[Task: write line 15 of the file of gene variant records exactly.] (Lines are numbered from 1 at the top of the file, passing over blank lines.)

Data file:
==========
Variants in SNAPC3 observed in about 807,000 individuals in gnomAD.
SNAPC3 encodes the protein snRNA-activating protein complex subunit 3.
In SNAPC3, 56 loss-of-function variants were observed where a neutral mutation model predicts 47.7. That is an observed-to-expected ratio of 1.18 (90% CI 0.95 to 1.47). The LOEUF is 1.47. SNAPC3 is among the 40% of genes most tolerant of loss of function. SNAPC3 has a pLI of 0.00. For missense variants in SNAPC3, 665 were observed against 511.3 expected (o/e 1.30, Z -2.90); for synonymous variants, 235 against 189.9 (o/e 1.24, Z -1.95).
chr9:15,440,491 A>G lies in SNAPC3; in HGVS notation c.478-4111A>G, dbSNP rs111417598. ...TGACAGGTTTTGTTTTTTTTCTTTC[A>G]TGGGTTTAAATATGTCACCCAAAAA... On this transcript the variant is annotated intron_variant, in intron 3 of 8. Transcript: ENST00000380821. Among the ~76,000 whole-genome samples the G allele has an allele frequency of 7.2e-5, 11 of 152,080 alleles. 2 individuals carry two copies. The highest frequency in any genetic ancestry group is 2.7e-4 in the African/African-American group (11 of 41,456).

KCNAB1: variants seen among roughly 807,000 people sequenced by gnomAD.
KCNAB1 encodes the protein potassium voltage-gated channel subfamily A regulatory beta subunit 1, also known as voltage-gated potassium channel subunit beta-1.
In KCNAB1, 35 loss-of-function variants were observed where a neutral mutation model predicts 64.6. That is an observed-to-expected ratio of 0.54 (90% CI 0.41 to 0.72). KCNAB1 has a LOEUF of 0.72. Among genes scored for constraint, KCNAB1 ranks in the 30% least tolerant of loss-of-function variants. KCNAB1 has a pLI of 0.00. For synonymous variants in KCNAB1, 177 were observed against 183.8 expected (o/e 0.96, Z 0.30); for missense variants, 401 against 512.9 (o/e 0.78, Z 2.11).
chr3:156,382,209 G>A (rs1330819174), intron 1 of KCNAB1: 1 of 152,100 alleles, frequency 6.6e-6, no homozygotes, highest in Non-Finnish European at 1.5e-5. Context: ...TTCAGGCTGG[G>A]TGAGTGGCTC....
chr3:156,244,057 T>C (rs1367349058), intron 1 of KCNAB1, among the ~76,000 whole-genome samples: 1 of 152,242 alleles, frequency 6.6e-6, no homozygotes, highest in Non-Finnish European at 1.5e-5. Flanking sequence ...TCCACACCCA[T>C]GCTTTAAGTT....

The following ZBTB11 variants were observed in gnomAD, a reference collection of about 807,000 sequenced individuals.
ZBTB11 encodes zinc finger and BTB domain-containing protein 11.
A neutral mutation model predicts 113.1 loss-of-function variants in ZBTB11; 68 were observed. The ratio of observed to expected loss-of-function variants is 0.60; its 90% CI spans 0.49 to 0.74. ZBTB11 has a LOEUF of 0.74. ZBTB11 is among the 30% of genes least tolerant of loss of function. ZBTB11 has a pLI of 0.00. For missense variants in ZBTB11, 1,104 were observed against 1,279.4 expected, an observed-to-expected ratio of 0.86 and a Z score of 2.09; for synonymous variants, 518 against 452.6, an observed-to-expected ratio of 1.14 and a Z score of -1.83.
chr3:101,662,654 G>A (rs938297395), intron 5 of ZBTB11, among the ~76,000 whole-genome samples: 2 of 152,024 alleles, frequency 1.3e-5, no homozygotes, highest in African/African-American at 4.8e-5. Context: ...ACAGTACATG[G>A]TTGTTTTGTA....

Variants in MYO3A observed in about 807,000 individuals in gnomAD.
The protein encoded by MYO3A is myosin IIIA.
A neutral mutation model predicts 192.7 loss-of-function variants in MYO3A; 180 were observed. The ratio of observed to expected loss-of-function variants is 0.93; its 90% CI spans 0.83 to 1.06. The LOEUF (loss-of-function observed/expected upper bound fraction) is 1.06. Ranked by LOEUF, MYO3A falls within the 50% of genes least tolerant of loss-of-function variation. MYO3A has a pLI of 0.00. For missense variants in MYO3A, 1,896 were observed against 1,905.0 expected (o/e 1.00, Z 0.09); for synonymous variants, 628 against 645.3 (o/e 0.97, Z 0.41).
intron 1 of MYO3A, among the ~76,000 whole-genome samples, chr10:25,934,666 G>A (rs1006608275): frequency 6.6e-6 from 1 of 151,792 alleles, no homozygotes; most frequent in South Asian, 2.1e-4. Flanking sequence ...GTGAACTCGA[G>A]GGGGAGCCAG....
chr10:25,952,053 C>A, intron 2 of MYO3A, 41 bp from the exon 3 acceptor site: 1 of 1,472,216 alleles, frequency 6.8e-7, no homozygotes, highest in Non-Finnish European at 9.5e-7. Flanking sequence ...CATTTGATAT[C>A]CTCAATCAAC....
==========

The protein encoded by MYO3A is myosin IIIA.